Literary fiction that features science is a distinctly different genre than science fiction. Instead of catapulting from science into imaginary worlds, it dives through science ever more deeply into the known world. In the case of Susan M. Gaines’s Accidentals, that world is centered in Uruguay and populated by a dizzying array of animals and intersecting concerns, ranging from bacterial evolution to human dictatorship.
Accidentals is the first novel I’ve ever readwhose heart belongs to a passionate birdwatcher, and after seeing and seeking rare plumed species through Gabriel’s eyes, I was hooked. Each outing read like a mesmerizing treasure hunt.
“I saw the blue tanager again, and in the same tree, a lollipop-orange, yellow, and blue one. Celestón. Naranjero. I paused to watch a flycatcher fishing insect from the air, not brown or pale yellow like the flycatchers I knew, but a brilliant white. Monjita blanca. Little white nun? There was nothing nun-like about it. I did a quick sketch, trying to capture the bird’s elegant flirtatiousness, which the field guide didn’t mention. Blinding white, I scribbled beneath it, like bleached granite, fresh snow. Black-eyed, tail dragged in tar.”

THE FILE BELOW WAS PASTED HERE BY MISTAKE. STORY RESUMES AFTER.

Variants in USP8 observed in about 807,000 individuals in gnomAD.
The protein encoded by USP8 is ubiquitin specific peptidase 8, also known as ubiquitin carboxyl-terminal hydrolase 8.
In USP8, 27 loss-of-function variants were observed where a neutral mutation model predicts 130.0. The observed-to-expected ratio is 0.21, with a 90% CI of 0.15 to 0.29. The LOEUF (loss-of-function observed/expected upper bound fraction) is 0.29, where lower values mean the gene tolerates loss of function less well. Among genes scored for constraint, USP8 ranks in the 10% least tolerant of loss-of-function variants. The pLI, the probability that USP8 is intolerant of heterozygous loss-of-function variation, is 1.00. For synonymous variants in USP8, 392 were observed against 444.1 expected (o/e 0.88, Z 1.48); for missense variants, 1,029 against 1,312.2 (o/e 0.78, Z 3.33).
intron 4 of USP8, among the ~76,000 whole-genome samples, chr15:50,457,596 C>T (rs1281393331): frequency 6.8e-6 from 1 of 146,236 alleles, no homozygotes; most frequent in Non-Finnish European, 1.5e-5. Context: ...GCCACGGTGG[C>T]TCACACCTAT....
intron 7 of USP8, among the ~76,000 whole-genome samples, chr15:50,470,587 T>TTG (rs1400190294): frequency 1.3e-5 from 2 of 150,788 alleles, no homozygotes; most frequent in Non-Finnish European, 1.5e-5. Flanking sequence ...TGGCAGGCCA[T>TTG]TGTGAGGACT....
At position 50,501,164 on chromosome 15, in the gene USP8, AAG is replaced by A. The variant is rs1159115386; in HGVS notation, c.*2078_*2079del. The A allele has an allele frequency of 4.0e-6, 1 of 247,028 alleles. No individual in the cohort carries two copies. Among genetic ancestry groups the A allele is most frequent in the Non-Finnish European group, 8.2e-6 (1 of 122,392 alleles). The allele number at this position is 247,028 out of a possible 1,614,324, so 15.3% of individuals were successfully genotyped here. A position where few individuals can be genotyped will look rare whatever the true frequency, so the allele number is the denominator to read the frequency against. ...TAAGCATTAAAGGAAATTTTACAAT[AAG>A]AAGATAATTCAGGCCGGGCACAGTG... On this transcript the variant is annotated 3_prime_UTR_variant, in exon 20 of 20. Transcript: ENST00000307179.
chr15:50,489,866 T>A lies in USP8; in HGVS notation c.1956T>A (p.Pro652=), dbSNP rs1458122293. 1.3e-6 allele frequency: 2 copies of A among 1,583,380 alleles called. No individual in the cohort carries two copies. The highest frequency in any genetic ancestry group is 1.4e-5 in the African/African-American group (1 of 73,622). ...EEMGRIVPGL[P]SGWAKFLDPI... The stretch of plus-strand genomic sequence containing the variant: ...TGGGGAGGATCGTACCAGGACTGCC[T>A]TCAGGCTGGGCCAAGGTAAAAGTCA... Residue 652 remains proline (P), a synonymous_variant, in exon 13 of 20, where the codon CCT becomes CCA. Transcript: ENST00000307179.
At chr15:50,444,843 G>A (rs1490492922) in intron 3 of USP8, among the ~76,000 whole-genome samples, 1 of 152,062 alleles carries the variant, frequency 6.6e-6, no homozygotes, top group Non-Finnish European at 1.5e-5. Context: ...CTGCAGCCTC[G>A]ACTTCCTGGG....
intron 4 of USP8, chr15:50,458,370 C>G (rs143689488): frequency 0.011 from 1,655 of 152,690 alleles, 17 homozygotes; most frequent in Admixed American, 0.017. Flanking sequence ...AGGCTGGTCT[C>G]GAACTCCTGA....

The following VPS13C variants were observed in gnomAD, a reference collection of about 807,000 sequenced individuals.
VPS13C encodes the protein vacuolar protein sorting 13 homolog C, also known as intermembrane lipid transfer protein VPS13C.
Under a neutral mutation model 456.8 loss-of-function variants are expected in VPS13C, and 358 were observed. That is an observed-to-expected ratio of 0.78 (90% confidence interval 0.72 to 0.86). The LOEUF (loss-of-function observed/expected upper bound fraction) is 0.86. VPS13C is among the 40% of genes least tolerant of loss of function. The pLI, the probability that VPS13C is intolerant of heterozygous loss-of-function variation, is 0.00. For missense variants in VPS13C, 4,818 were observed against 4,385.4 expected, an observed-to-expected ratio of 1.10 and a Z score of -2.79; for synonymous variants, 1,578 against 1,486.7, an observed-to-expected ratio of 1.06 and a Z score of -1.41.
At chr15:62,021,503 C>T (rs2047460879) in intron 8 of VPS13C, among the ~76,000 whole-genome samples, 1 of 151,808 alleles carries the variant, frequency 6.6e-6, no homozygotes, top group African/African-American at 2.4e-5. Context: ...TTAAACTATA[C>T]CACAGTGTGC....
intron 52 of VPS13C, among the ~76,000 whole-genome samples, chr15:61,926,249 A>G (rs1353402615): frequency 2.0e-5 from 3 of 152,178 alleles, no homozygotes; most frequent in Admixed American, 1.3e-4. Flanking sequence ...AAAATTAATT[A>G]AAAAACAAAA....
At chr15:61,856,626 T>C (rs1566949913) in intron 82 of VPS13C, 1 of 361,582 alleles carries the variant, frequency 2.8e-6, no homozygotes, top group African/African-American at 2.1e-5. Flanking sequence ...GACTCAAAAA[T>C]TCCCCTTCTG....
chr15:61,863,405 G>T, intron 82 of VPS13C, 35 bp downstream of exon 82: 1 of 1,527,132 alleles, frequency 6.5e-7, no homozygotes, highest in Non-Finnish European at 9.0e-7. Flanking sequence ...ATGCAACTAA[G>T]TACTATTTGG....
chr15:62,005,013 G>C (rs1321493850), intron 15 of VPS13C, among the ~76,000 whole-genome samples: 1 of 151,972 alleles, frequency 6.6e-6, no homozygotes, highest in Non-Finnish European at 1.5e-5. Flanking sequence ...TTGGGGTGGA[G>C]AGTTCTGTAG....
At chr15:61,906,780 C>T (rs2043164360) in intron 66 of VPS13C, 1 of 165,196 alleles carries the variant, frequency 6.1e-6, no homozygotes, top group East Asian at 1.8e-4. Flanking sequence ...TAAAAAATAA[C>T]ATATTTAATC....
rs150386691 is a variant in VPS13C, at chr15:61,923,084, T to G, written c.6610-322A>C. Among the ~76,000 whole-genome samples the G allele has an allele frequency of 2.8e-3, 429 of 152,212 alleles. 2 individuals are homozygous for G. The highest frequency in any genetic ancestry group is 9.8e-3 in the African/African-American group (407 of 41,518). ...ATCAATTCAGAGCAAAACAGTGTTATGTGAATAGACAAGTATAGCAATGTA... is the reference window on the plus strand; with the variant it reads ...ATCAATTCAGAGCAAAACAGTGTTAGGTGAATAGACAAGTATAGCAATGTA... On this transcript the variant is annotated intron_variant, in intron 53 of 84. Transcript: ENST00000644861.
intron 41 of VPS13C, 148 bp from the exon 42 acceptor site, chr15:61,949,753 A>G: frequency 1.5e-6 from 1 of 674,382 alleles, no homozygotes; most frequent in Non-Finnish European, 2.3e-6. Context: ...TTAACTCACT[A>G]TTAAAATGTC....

Even more breathtaking was the journey that Gaines treated me to through Gabriel’s lover Alejandra, a microbiologist who discovers whole ecosystems—whole universes of bacteria!-- in spoonfuls of mud. This book has forever changed the way I’ll look at rain puddles and rice paddies.
But the fictional wonder of Accidentals is the skill with which Gaines threads environmental science on a plotline involving Uruguay’s modern political history, with lives, hearts, land, and livelihoods hanging in the balance. This is a love story, an unforgettable family saga, an environmentalist’s plea to connect the dots for our planet’s survival. And, yes, it’s for the birds.
Aimee Liu is the author of the 2020 novel Glorious Boy, as well as Flash House, Cloud Mountain, Face, and many works of nonfiction, including Gaining and Solitaire. She teaches in Goddard College’s MFA in Creative Writing Program in Port Townsend, WA.